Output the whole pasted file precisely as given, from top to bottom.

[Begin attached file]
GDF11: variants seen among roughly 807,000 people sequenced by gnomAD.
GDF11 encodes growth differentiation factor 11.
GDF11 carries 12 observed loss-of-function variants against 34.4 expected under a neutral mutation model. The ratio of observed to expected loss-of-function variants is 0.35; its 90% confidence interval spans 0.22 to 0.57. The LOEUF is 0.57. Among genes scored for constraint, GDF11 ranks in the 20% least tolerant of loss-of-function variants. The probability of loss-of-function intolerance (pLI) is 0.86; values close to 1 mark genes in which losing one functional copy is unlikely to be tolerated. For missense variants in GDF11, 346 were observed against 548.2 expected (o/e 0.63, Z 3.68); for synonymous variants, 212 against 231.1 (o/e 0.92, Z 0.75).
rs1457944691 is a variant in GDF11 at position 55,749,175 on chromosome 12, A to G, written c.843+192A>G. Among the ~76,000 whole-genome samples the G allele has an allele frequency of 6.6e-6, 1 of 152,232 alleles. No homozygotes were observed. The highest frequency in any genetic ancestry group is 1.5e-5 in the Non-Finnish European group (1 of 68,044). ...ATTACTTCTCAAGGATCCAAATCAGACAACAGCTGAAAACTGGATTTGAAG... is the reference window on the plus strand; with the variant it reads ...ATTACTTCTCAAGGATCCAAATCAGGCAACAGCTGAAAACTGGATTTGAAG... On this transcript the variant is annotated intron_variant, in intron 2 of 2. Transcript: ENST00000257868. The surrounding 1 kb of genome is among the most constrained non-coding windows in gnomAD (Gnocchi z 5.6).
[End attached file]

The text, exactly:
GDF11: variants seen among roughly 807,000 people sequenced by gnomAD.
GDF11 encodes growth differentiation factor 11.
GDF11 carries 12 observed loss-of-function variants against 34.4 expected under a neutral mutation model. The ratio of observed to expected loss-of-function variants is 0.35; its 90% confidence interval spans 0.22 to 0.57. The LOEUF is 0.57. Among genes scored for constraint, GDF11 ranks in the 20% least tolerant of loss-of-function variants. The probability of loss-of-function intolerance (pLI) is 0.86; values close to 1 mark genes in which losing one functional copy is unlikely to be tolerated. For missense variants in GDF11, 346 were observed against 548.2 expected (o/e 0.63, Z 3.68); for synonymous variants, 212 against 231.1 (o/e 0.92, Z 0.75).
rs1457944691 is a variant in GDF11 at position 55,749,175 on chromosome 12, A to G, written c.843+192A>G. Among the ~76,000 whole-genome samples the G allele has an allele frequency of 6.6e-6, 1 of 152,232 alleles. No homozygotes were observed. The highest frequency in any genetic ancestry group is 1.5e-5 in the Non-Finnish European group (1 of 68,044). ...ATTACTTCTCAAGGATCCAAATCAGACAACAGCTGAAAACTGGATTTGAAG... is the reference window on the plus strand; with the variant it reads ...ATTACTTCTCAAGGATCCAAATCAGGCAACAGCTGAAAACTGGATTTGAAG... On this transcript the variant is annotated intron_variant, in intron 2 of 2. Transcript: ENST00000257868. The surrounding 1 kb of genome is among the most constrained non-coding windows in gnomAD (Gnocchi z 5.6).